LATROBE City Council will ask for help from the State Government to address inter-town squabbling and put to bed debate about where ratepayer money is spent.
It will request the government conduct a review of council spending over the past 10 years to determine whether ratepayers are getting a fair return, based on the population of the town they live in.
Councillor Dale Harriman moved the motion on Monday night in an attempt to put an end to “internal bickering” over which town attracts the most council funding.
But the bid failed to gain unanimous support, with some councillors claiming a review would further fuel town divisions.
Cr Harriman said an independent, State Government review would spare ratepayers the cost burden of the project and eliminate accusations of bias.
“It needs to be an independent (body) who has no interest in the council so the results can’t be argued with,” Cr Harriman told The Express.
“Your smaller towns will get included in that as well, so we see there’s a fair spend for outlying regions as well.
“If we haven’t done the right thing, then we need to work on it, and if we have, then I hope the community can move on.”
Mr Harriman said he received phone calls “daily” with concerns about an equitable spread of funding across Latrobe Valley towns.
It comes after the Traralgon Community Development Association renewed calls for the town to secede from Latrobe City and Moe community leaders expressed discontent with ongoing division between the towns.
However, at Monday night’s meeting, Cr Graeme Middlemiss questioned “how real the problem is”, suggesting it could be a loud minority of people who were dissatisfied.
He said, following each annual budget process since council’s inception in 1997, he did not know of anybody who had complained that their town wasn’t getting a fair go.
“I believe we’ve got the balance right,” Cr Middlemiss said.
“I believe we’ve always moved our money to where the greatest need was.”
The Traralgon secession push was revived after council released data which showed those in the 3844 postcode paid $76 million in rates over the past four years and received $12 million in capital works funding.
This compared with $35 million in rates collected from the 3825 postcode (towns including Moe and Newborough) with a $24 million spend on capital works; a $39 million rate revenue for the 3840 postcode (Morwell and surrounds) with an $11 million return; and $8.3 million collected in rates from Churchill, with $7 million spent on capital works.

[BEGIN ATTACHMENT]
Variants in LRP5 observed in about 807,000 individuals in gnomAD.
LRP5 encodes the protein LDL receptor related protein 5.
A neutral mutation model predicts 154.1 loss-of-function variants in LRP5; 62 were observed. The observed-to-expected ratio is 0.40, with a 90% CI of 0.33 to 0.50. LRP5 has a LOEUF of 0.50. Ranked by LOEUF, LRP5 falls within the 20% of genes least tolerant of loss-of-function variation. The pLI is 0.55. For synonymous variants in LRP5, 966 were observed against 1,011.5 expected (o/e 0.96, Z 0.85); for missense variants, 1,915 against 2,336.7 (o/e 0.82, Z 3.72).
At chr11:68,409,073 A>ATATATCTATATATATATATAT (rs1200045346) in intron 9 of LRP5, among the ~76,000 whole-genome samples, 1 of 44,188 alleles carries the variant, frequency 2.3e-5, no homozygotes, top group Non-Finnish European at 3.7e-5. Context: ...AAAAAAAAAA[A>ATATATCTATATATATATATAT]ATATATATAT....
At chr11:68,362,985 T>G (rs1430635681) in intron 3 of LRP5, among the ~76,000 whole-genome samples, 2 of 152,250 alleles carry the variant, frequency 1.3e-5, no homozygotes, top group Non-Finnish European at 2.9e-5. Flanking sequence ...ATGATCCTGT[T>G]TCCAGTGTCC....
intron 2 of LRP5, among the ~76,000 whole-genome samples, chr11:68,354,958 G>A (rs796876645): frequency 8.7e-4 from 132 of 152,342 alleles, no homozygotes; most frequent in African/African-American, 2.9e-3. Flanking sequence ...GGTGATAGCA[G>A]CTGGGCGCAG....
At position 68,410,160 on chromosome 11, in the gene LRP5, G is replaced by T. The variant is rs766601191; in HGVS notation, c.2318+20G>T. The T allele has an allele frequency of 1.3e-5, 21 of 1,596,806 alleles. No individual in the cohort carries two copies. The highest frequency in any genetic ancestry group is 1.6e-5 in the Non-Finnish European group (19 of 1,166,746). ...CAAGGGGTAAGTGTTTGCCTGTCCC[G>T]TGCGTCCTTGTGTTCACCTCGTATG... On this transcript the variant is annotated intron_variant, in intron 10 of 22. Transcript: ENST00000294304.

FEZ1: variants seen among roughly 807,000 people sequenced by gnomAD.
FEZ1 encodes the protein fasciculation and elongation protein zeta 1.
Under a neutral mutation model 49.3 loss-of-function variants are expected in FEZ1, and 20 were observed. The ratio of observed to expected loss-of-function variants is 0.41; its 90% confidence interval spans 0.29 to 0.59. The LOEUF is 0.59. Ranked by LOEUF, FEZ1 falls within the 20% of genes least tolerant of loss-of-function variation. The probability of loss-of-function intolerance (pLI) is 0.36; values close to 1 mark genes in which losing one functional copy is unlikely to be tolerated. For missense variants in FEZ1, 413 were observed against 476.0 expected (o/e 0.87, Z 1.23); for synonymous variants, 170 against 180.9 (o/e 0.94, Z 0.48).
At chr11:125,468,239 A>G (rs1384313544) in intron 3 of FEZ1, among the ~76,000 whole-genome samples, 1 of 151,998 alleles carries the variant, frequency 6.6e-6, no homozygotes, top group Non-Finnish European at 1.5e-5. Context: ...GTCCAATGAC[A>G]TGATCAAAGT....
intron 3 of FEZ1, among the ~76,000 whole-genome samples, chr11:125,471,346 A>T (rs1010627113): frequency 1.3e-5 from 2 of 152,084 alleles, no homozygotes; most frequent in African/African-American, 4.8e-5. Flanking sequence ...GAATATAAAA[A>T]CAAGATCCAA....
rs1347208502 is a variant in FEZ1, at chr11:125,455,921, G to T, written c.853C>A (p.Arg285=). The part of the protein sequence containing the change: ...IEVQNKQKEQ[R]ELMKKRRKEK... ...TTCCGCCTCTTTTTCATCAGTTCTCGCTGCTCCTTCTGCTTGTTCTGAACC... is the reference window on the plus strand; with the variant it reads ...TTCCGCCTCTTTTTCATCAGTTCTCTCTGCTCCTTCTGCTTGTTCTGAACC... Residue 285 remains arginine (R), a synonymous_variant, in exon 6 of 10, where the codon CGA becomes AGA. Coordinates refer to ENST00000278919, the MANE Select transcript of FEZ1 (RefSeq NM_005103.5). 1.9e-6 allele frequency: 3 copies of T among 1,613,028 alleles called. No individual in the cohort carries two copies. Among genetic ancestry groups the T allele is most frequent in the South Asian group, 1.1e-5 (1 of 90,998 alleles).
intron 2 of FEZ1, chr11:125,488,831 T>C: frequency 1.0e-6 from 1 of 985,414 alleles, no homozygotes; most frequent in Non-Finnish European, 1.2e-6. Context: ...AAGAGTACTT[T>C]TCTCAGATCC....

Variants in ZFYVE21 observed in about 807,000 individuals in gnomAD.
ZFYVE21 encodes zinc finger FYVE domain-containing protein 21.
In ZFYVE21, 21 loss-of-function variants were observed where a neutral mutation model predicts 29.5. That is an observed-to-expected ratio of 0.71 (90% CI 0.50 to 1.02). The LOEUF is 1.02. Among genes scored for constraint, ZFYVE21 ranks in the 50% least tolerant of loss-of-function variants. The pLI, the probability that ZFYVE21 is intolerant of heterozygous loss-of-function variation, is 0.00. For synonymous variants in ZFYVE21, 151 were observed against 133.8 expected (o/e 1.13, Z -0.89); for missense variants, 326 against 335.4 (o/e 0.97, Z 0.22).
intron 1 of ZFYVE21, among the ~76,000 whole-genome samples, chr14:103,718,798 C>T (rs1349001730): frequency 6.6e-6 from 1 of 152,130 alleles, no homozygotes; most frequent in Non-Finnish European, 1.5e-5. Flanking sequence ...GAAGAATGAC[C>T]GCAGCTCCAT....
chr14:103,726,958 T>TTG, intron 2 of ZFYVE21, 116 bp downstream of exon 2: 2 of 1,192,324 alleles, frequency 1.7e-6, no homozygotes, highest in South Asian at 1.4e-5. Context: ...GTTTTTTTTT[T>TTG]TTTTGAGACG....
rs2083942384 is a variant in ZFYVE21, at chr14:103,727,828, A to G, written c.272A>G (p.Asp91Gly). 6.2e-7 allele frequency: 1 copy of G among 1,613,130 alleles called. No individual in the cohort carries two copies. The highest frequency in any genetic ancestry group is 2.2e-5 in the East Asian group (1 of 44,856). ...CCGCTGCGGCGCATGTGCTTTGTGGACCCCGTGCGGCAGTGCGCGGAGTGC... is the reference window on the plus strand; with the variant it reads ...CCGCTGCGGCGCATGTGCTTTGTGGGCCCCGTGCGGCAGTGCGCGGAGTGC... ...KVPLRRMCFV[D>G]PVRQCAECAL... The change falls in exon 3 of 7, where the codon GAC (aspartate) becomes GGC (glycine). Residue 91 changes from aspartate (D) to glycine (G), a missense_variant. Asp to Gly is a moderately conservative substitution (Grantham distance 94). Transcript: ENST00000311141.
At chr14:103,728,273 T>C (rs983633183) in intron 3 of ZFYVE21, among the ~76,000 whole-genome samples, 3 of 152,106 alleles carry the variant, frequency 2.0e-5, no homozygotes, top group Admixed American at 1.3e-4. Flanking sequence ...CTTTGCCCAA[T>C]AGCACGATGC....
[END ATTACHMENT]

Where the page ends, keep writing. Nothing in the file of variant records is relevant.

However, the figures only related to major building and infrastructure projects and excluded council’s day-to-day services.
It also included state and federal government contributions to projects.
It is not yet clear what the scope of a State Government review of council’s spending would be, but Cr Harriman said he hoped it would include maintenance, major projects, capital works, sporting facilities, along with events and programs.
He said equity would be calculated based on the population of each town.
Council will now write to Local Government Minister Tim Bull to request the review.
Councillors Harriman, Peter Gibbons, Sandy Kam, and mayor Sharon Gibson voted in favour of the move; Graeme Middlemiss, Darrell White and Kellie O’Callaghan voted against it; Michael Rossiter abstained from voting and Christine Sindt left council chambers and did not vote.
If council’s request is successful, it would not be the only Gippsland municipality to undergo such a review: Bass Coast Shire Council had a similar request approved by the State Government earlier this month, following secession calls from the Phillip Island community.
Its review would include State Government investment in the region.
According to a council officer’s report for last night’s Bass Coast meeting, the cost is expected to be between $75,000 to $100,000, of which the council would contribute between $25,000 and $35,000. It was due to vote last night on whether to support the review and its funding requirements.